Thu, Jun 14, 2007 - Page 14 News List

Julie Delpy: Up in smoke

If you think there’s something ditsy about Julie Delpy, prepare for a sock in the mouth. She talks tough about acting, men, and why her new script features so much castration

By Ryan Gilbey  /  THE GUARDIAN , BERLIN

Julie Delpy smokes and smokes. She smokes so much she should consider wearing ashtrays as trinkets. We are in a faux-rustic restaurant in Berlin’s Potsdamer Platz, where she is promoting the sharp and funny 2 Days in Paris, a romcom with bite, which she wrote, directed, produced, edited, scored, starred in and presumably smoked all the way through making. At first I think the only time she’s not smoking is when she’s talking. But she has so much to say — she can rattle off an entire exhaustive answer before you’ve finished asking your initial question — that eventually the division between speaking and inhaling vanishes, and the words are tumbling from her mouth wreathed in smoke. It doesn’t sound very attractive, but remember this is Julie Delpy. She could be up to her elbows in offal, belching the Marseillaise, but she’d still have admirers establishing cults in her name. And chances are she’d still loathe that kind of attention.

“I hate being a male fantasy,” she spits. “So many times I’ve been in a room pitching some movie to the financiers, and they’re blatantly just staring at my legs.” Before this conjures images of a stereotypical Hollywood executive leering from behind his desk, Delpy is quick to point out she won’t take that behavior from revered arthouse auteurs either. In the early 1990s, she auditioned for the dual lead roles in Krzysztof Kieslowski’s The Double Life of Veronique. “He asked me to do a sexy gesture,” she says, her incredulity undiminished after all these years. “That really bothered me. So I did this. ...” She pokes her tongue out and tugs on her earlobes like a playground brat. “I knew by the look on his face that I hadn’t got the part. But I was really mad with him. All that younger-woman bullshit you get. That fucking pervert. That ... man!” She makes the noun drip with derision.

Delpy and Kieslowski eventually worked together in Three Colors: White (1994), in which he cast her as a woman who divorces her husband when he fails to consummate their marriage. And the pair enjoyed a friendship — Delpy now says that the late director was “the greatest man in the world.” “I think my audition for Veronique convinced him I could play someone a bit hard to handle. Not that I’m bad-tempered. But I have my pet peeves. I always hated, when I was growing up, all these directors who wanted to be my Pygmalion.”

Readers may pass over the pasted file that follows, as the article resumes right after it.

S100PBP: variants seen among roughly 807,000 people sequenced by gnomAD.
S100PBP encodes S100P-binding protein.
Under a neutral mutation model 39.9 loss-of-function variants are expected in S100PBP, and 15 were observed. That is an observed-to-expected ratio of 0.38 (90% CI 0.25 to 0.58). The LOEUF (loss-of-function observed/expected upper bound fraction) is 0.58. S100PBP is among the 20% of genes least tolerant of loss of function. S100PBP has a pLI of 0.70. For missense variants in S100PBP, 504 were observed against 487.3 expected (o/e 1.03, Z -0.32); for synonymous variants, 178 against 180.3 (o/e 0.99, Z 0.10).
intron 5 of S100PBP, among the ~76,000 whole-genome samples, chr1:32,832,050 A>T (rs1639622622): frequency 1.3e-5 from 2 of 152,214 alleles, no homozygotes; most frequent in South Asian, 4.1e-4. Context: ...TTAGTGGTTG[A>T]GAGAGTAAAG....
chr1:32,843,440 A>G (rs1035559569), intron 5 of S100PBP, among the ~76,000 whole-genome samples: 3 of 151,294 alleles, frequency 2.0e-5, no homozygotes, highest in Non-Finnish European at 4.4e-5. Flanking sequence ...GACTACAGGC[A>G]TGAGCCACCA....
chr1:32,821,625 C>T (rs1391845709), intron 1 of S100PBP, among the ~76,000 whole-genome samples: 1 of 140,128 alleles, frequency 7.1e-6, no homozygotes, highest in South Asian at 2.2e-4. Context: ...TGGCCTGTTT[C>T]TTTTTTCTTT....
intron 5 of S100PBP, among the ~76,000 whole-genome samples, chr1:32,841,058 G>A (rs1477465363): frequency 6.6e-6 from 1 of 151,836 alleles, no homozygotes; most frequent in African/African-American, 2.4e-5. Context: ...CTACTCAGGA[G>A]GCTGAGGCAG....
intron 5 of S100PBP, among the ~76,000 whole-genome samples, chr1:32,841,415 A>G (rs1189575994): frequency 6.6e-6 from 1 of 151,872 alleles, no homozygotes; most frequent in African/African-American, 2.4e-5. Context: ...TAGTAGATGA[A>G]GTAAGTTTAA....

Hearing this, it’s impossible not to mentally run through the roll-call of filmmakers on Delpy’s resume. At 14, she appeared in Jean-Luc Godard’s Detective, having been encouraged to act by her parents, Albert Delpy and Marie Pillet, who are both actors (they have crowd-pleasing turns as her on-screen folks in 2 Days in Paris). Later she worked with Volker Schlondorff (Europa, Europa), Leos Carax (Mauvais Sang), Bertrand Tavernier (La Passion Beatrice) and Carlos Saura (La Noche Oscura). That’s a lot of potential Pygmalions to choose from. “I like to be the Pygmalion, instead of someone else,” she decides. “I prefer to make people into things, not be molded by other people.”

The most interesting thing about the 37-year-old Delpy in person is her unexpected hardness. I suddenly realize she’s never shown it fully in any of her performances. Yes, there was a hint of it in Three Colors: White. But while she is sublime in her signature role, as the idealistic Celine in Richard Linklater’s Before Sunrise (1995) and its sequel Before Sunset (2004), she only gets to play the odd prickly moment. Even in An American Werewolf In Paris (1997) — which, like her brief spell in TV’s ER, was one of the few mainstream concessions in a stubbornly marginal career — she is a smiling lycanthropic temptress, never quite dredging up the darkness necessary to tip that film from comedy into horror. The woman herself is another matter. Beneath the playful indiscretion and hearty laughter is something flinty, businesslike and brusque.

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